, Volume 32, Issue 1, pp 73–81 | Cite as

Soil Greenhouse Gas Fluxes during Wetland Forest Retreat along the Lower Savannah River, Georgia (USA)

  • Ken W. KraussEmail author
  • Julie L. Whitbeck


Tidal freshwater forested wetlands (tidal swamps) are periodically affected by salinity intrusion at seaward transitions with marsh, which, along with altered hydrology, may affect the balance of gaseous carbon (C) and nitrogen (N) losses from soils. We measured greenhouse gas emissions (CO2, CH4, N2O) from healthy, moderately degraded, and degraded tidal swamp soils undergoing sea-level-rise-induced retreat along the lower Savannah River, Georgia, USA. Soil CO2 flux ranged from 90.2 to 179.1 mg CO2 m−2 h−1 among study sites, and was the dominant greenhouse gas emitted. CO2 flux differed among sites in some months, while CH4 and N2O fluxes were 0.18 mg CH4 m−2 h−1 and 1.23 μg N2O m−2 h−1, respectively, with no differences among sites. Hydrology, soil temperature, and air temperature, but not salinity, controlled the annual balance of soil CO2 emissions from tidal swamp soils. No clear drivers were found for CH4 or N2O emissions. On occasion, large ebbing or very low tides were even found to draw CO2 fluxes into the soil (dark CO2 uptake), along with CH4 and N2O. Overall, we hypothesized a much greater role for salinity and site condition in controlling the suite of greenhouse gases emitted from tidal swamps than we discovered, and found that CO2 emissions—not CH4 or N2O–contributed most to the global warming potential from these tidal swamp soils.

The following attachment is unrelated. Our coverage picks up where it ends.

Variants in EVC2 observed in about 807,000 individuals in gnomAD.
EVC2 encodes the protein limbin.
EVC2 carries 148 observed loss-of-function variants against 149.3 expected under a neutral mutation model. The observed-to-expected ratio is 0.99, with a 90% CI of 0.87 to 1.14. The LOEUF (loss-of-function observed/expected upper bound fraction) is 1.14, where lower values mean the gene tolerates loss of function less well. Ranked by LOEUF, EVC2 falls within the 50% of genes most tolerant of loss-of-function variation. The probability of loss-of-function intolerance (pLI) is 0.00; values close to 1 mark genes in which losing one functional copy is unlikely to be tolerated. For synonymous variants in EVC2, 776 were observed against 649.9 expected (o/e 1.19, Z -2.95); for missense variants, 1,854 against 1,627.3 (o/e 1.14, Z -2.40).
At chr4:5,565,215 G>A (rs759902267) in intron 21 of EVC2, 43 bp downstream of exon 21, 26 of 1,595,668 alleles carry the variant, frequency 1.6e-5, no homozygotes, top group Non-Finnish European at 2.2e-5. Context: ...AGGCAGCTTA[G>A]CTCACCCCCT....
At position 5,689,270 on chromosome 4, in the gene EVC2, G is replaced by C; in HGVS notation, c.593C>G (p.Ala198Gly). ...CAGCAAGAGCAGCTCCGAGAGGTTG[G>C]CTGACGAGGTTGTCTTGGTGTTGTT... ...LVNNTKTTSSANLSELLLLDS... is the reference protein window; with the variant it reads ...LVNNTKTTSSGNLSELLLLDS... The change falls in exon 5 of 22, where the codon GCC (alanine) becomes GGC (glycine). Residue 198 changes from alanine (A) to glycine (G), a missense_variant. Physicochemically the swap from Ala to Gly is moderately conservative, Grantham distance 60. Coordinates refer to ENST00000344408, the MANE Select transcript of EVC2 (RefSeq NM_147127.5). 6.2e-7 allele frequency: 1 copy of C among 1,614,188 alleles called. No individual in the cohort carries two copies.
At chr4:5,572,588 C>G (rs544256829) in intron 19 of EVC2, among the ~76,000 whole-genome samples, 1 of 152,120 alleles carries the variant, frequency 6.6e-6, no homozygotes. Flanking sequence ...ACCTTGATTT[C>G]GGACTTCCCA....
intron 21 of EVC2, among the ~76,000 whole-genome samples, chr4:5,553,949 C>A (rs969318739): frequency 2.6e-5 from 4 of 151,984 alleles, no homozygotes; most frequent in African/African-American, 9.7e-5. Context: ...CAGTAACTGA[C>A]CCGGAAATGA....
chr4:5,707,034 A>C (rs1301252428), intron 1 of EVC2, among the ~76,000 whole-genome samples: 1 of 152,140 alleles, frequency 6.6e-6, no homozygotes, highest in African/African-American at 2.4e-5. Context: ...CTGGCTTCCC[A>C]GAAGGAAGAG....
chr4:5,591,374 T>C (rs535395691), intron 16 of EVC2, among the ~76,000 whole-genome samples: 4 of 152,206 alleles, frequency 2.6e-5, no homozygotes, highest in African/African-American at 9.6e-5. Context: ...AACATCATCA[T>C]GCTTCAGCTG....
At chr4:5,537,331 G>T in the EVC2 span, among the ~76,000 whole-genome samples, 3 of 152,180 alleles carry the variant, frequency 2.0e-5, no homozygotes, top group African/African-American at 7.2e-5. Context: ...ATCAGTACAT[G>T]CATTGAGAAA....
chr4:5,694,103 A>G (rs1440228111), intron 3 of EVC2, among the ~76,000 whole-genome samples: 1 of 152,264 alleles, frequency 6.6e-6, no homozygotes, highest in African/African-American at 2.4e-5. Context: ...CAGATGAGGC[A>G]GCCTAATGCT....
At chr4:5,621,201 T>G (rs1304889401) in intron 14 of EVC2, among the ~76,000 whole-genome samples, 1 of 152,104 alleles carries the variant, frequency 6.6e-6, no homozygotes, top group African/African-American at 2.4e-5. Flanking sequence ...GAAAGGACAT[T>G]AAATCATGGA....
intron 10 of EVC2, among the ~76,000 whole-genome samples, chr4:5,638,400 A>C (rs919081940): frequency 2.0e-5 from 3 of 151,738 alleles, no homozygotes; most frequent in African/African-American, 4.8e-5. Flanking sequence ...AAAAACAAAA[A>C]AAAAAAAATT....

Carbon dioxide Methane Nitrous oxide Respiration Tidal freshwater forested wetlands 



This research was funded by the USGS Climate and Land Use Change Research and Development Program. Jamie A. Duberstein, Teresa Fernandez, and James Senter provided field assistance for collection of gas samples, while Scott C. Neubauer, William H. Conner, Christopher B. Craft, and two anonymous referees provided valuable reviews of previous manuscript drafts. We thank Stephen P. Faulkner, Rebecca Moss, and Michael J. Baldwin for analyzing gas samples, Darren Johnson for conducting the statistical analyses, and William Russell Webb, Jane Griess, Robert Rahn, Don Williford, and Chuck Hayes with Savannah NWR for assistance in many aspects of this research from permit writing to providing boats. Any use of trade, product, or firm names is for descriptive purposes only and does not imply endorsement by the United States Government.


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Copyright information

© US Government 2011

Authors and Affiliations

  1. 1.U.S. Geological SurveyNational Wetlands Research CenterLafayetteUSA
  2. 2.Department of Biological SciencesUniversity of New OrleansNew OrleansUSA
  3. 3.National Park ServiceJean Lafitte National Historical Park and PreserveNew OrleansUSA

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